While Labour may have set an economic ‘miracle’ in train, it will take a Nationalist government, with its record of serious regu­lation and forward-looking economic management, to keep it on track.

At the end of the day though, when voters enter that voting booth, their decision must above all be a moral one. On that basis, the PN-PD coalition ought to win their vote.

Keith Schembri replies

In a statement to counter various points in the editorial, Mr Schembri insisted there was no 'serious evidence that Keith Schembri is a money-launderer’.

The Times had written hundreds of stories about him, he said, but they lacked a single concrete piece of evidence in any of them.

It was not true, he said, that  ‘Joseph Muscat dismissed this “evidence” as inconsequential…’

"In response to the initial wave of media stories, he established a magisterial enquiry to ascertain whether there was any substance to them. An unprecedented step in accountability for a sitting Maltese Prime Minister."

Mr Schembri described as 'utter nonsense‘ the claim that the police had failed to investigate and that ' Keith Schembri is above-the-law’.

"The independent inquiry is proceeding normally. That’s how the law works; along with the fundamental principle that we are all presumed innocent unless proven guilty – no matter who we are, or where we work," he said. 

Editorial note

Mr Schembri is the subject of three reports from the Financial Intelligence Analysis Unit, two of them revealed by The Sunday Times of Malta.

Both of these state that there was "sufficient evidence to conclude a reasonable suspicion of money laundering and/or proceeds of crime", the first in relation to alleged kickbacks from the passport scheme and the second to the transfer of 650,000 euros to the then managing director of the Allied Group, Adrian Hillman.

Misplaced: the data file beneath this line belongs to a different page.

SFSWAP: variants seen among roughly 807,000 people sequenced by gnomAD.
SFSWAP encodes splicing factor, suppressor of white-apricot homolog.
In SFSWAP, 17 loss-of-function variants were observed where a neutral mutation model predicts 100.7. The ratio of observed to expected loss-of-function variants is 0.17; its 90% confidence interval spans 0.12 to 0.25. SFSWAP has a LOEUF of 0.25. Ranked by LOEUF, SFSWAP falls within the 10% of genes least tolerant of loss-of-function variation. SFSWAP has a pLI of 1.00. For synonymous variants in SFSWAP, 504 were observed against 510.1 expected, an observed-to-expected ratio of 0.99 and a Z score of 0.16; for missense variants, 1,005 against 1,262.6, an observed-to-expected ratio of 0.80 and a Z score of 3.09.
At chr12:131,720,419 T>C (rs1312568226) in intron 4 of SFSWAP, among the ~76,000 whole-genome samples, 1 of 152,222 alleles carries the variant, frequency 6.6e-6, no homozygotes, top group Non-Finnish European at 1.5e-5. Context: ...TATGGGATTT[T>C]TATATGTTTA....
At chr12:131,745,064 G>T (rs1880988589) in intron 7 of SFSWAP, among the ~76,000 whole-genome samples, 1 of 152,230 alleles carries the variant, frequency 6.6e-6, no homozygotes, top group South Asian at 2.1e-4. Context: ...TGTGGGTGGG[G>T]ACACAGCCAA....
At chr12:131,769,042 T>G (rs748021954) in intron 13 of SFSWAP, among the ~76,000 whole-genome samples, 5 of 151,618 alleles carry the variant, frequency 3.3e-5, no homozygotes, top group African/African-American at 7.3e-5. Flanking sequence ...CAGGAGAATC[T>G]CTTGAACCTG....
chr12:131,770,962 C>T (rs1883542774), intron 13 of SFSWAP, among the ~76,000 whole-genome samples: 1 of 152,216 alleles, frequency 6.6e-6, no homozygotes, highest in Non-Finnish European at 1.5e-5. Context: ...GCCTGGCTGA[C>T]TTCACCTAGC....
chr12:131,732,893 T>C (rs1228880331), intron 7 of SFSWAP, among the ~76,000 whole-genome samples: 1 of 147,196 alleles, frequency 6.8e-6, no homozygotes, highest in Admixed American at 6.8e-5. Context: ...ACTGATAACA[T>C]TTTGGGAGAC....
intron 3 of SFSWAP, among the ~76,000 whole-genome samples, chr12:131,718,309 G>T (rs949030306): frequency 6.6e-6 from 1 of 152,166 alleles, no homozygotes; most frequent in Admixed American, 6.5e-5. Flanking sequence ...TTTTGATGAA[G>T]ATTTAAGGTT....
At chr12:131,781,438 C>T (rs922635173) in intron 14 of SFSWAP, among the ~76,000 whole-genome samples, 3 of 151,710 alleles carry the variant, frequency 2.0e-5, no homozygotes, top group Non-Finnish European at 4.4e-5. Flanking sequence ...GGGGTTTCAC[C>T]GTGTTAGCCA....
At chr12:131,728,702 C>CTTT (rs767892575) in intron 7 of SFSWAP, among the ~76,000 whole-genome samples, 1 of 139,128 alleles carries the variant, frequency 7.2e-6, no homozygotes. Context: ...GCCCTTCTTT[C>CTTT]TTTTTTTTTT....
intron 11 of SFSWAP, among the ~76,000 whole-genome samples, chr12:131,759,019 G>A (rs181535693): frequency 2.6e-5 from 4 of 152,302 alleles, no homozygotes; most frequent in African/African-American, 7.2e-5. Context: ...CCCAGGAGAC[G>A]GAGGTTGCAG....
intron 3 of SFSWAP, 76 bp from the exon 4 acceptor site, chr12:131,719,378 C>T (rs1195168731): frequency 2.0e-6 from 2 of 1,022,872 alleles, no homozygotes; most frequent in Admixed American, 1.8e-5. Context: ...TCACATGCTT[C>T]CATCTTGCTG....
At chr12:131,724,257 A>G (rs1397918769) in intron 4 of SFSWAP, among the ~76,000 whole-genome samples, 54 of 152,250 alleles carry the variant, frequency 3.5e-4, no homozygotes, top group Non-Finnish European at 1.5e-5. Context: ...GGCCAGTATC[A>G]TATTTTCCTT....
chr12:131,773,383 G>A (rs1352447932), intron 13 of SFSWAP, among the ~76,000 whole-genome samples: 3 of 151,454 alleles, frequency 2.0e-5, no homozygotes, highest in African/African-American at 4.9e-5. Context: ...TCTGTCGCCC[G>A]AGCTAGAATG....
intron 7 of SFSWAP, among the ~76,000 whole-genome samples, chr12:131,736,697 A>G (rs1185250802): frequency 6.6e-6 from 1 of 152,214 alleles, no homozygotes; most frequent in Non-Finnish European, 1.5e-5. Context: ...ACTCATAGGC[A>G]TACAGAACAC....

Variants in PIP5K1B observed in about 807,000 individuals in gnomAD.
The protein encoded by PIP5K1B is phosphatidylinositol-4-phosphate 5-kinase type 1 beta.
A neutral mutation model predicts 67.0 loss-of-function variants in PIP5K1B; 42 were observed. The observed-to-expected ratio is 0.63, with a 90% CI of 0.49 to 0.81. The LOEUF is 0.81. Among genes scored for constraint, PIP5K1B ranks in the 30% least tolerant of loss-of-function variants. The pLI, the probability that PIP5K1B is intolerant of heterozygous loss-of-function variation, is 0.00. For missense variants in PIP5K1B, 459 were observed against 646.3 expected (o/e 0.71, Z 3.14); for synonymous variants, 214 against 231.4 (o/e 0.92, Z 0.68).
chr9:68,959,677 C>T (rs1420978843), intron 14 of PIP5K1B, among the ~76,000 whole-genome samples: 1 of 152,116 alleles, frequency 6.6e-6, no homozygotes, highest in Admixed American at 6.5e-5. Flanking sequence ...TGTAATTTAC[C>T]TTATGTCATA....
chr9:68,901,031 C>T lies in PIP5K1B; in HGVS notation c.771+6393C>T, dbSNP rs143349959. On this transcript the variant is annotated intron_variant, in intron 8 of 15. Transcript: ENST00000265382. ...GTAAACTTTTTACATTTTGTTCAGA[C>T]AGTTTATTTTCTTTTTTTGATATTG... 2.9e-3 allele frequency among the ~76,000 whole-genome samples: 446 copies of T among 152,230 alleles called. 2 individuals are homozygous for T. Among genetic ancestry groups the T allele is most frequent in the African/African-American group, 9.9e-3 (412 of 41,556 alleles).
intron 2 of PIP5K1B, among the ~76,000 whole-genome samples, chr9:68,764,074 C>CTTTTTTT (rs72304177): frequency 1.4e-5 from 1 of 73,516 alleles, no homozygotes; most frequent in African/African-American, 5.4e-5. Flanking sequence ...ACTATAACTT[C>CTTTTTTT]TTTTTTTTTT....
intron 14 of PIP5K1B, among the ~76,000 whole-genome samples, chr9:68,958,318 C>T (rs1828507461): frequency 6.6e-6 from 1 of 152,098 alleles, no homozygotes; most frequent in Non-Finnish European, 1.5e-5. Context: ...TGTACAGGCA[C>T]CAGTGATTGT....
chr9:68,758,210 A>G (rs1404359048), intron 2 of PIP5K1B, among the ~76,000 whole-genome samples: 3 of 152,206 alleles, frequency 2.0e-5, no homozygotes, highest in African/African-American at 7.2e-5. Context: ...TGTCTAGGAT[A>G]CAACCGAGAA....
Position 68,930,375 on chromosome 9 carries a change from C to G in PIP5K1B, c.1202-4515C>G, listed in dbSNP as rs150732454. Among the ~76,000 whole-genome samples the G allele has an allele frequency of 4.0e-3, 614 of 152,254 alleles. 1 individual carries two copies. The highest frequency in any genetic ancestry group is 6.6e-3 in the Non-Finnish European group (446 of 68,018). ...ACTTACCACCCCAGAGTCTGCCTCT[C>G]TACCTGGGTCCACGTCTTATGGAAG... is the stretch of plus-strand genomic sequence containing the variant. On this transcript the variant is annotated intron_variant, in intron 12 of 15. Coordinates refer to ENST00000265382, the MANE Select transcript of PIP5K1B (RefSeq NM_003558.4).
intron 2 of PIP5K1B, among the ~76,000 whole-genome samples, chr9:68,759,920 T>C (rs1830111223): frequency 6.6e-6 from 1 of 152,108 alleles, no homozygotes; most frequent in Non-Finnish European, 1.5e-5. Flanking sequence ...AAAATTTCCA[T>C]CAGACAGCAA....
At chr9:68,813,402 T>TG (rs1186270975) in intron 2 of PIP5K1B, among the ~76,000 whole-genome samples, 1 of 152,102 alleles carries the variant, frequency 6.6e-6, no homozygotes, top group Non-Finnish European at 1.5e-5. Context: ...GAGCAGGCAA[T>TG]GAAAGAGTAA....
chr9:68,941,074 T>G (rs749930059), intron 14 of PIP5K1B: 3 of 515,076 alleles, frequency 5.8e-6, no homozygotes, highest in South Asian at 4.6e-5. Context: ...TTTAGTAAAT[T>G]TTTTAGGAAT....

The Malta Independent has reported on a third FIAU report which revealed the transfer of money from a company belonging to the owners of the LNG tanker to a Dubai-based company "for the purpose of transferring kickbacks" to Mr Schembri and the then energy minister Konrad Mizzi.

The magisterial inquiry mentioned by Mr Schembri, which he says the Prime Minister established, was not in relation to these reports but to a report on Daphne Caruana Galizia's blog alleging that the Panama company by the name of Egrant was owned by Joseph Muscat's wife Michelle.

Mr Schembri is the subject of two magisterial inquiries, in relation to the alleged passport scheme kickbacks and transfer of money to Adrian Hillman, both of which were set in motion when the Leader of the Opposition, Simon Busuttil, presented evidence to the Egrant inquiring magistrate, Aaron Bugeja.

The Sunday Times of Malta has also reported that the police, despite being aware of the contents of first two FIAU reports for a year, never took action to investigate Mr Schembri.